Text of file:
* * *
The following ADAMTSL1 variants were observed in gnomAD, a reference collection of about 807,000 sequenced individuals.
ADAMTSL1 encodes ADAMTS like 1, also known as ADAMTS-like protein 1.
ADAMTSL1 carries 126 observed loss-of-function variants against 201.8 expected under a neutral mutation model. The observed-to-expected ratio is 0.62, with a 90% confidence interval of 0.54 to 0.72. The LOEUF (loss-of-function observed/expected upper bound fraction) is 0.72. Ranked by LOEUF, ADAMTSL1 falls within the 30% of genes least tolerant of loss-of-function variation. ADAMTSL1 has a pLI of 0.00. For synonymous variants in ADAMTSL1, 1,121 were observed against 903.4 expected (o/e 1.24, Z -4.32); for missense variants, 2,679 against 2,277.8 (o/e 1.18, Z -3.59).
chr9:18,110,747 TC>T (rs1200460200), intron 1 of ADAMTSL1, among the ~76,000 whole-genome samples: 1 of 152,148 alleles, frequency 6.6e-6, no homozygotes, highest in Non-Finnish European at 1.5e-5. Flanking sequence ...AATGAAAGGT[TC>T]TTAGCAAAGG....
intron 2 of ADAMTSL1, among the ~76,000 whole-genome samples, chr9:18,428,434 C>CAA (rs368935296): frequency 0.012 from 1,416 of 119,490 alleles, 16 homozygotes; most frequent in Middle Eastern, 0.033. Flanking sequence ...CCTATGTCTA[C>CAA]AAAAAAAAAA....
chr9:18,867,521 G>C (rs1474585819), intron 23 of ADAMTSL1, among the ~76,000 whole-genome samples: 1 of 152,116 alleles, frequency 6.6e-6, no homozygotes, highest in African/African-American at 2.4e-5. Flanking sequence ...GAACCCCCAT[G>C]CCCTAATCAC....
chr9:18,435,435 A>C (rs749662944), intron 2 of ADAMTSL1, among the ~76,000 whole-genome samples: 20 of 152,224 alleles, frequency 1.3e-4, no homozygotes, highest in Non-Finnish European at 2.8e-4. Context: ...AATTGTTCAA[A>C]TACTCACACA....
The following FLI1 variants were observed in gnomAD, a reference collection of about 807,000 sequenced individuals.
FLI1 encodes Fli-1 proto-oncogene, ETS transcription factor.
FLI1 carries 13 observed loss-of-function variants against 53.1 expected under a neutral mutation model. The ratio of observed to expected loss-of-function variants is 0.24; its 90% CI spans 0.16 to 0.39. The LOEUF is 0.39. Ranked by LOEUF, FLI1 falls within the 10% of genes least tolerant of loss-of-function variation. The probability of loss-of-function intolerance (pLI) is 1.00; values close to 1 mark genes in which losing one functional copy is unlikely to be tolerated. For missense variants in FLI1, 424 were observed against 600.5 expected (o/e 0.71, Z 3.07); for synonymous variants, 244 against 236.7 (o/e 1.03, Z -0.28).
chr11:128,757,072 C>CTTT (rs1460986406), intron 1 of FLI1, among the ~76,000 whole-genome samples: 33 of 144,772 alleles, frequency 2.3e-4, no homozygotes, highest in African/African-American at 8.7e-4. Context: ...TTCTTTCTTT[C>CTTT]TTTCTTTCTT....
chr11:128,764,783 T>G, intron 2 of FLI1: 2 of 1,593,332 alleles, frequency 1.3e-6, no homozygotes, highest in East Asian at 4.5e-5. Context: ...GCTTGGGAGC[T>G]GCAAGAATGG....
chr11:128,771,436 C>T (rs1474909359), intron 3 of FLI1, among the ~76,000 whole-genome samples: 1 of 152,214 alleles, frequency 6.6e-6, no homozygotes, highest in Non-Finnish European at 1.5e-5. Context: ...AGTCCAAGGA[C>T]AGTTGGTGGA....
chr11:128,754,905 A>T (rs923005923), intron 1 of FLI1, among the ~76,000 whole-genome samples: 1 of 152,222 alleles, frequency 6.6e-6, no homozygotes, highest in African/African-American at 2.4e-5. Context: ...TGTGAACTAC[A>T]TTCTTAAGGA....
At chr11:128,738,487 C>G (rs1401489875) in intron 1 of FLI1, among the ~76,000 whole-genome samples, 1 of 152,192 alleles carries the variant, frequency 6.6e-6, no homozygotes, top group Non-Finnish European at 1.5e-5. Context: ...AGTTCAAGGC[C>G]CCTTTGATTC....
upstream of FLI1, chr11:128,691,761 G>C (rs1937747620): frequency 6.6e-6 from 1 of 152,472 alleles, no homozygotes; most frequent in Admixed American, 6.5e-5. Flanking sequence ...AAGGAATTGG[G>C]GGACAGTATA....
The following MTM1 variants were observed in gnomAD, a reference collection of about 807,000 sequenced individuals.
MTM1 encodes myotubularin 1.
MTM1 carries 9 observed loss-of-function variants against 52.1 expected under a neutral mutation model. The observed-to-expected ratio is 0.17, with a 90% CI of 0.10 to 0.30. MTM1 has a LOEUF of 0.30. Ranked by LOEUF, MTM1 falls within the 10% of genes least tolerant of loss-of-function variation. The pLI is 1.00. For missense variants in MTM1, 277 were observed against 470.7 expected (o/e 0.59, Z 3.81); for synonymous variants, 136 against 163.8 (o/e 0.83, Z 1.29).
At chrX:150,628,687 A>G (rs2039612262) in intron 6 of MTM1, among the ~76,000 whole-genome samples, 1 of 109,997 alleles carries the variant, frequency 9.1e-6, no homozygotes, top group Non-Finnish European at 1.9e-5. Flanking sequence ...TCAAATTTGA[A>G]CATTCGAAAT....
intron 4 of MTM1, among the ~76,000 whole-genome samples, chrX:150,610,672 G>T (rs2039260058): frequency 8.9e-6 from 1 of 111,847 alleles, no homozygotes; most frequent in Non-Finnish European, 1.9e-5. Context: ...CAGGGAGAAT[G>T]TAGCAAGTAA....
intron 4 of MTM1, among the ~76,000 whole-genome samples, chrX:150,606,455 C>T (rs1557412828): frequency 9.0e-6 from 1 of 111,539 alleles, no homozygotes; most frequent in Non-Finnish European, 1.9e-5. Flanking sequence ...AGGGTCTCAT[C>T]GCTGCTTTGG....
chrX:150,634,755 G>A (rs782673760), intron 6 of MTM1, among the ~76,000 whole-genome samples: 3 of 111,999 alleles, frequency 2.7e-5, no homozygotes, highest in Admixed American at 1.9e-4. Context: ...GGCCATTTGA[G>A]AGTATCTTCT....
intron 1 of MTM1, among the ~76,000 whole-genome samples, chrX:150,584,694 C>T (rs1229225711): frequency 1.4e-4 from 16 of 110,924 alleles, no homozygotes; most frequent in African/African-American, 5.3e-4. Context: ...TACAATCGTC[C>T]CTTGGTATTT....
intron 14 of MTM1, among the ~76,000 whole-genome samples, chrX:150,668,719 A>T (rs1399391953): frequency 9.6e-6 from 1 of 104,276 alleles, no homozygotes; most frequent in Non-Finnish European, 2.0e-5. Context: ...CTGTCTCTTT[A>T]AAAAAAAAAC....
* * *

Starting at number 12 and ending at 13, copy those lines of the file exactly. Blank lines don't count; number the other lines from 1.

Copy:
chr11:128,764,783 T>G, intron 2 of FLI1: 2 of 1,593,332 alleles, frequency 1.3e-6, no homozygotes, highest in East Asian at 4.5e-5. Context: ...GCTTGGGAGC[T>G]GCAAGAATGG....
chr11:128,771,436 C>T (rs1474909359), intron 3 of FLI1, among the ~76,000 whole-genome samples: 1 of 152,214 alleles, frequency 6.6e-6, no homozygotes, highest in Non-Finnish European at 1.5e-5. Context: ...AGTCCAAGGA[C>T]AGTTGGTGGA....